Sunday, May 26, 2013

The Experiment Commences

I'm happy to report that my sweater is done (you'll get to see it in another day or two), so I've been able to spin again without feeling guilty.  On Friday night, I finished spinning the fourth and final bobbin of singles for my cabled yarn. Yesterday, I started plying up the first of two bobbins.


After I ply all the singles, I'll then ply the two-ply yarns together. Based upon a quick ply-back test on this bobbin's yarn, it looks like my finished yarn should be sport weight-ish.

Also, though it's not spinning, I have some spinning-related knitting to share today. I finished my socks with the regular and opposing three ply!

Traditional three ply on the left, opposing three ply on the right
I decided to keep these very simple, because in my experience, the true beauty of handspun socks is the yarn. I really wanted to let it shine (and stripe, apparently), so I stuck to some plain-vanilla stockinette with a couple of interesting features.

For one thing, I added some cable twists to the cuff of the opposing ply sock so that I could tell them apart down the road when I'm evaluating their relative durability.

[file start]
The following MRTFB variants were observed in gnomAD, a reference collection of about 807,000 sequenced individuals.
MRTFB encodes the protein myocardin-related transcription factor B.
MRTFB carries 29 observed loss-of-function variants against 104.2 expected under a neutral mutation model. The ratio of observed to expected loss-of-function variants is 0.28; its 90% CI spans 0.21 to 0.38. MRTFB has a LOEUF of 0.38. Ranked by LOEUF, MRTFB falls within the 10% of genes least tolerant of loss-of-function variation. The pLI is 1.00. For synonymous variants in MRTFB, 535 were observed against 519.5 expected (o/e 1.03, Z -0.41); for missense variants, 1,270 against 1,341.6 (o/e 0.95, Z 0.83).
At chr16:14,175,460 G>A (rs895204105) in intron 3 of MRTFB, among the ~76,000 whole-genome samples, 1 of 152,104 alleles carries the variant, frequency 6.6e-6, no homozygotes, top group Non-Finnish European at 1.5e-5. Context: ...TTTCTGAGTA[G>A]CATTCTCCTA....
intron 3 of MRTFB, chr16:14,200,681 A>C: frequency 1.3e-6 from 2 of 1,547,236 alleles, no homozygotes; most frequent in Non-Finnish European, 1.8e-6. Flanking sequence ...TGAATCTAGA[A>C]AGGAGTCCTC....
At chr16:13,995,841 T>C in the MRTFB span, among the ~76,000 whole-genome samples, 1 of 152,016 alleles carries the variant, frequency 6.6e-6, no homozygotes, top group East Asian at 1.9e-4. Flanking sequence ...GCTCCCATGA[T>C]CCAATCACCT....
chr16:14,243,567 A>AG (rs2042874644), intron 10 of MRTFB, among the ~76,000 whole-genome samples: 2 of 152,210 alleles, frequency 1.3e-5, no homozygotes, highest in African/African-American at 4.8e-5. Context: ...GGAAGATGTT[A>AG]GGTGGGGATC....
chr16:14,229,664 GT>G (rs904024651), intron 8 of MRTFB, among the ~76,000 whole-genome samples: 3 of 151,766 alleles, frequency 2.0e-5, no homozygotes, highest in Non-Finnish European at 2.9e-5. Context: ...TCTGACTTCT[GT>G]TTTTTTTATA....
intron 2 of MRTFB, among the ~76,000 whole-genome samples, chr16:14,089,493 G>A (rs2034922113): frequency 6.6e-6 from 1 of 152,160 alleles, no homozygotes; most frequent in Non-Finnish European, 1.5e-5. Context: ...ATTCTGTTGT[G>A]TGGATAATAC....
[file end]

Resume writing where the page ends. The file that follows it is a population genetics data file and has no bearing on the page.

I also changed up my typical heel to get some more wear in that area because that seems to be where I develop holes first. Rather than knitting back and forth over half the stitches for a heel flap, I worked in the round while I increased next to the instep stitches every other round to create the gusset at the same time. Then I turned the heel as usual and proceeded to work back and forth over the resulting sole stitches (maintaining the slip-stitch patterning) and working decreases at each end to connect those stitches to the gusset stitches until I had the right number of sole stitches left. The result is a heel that looks very much like a flat-and-gusset sock but that will (I hope) be a little more durable.


Supposedly the yarn spun with an opposing ply will be more durable in the long term, so the point of these socks is to test that theory. I'll be wearing these normally through the fall and winter and will report back if any holes form.

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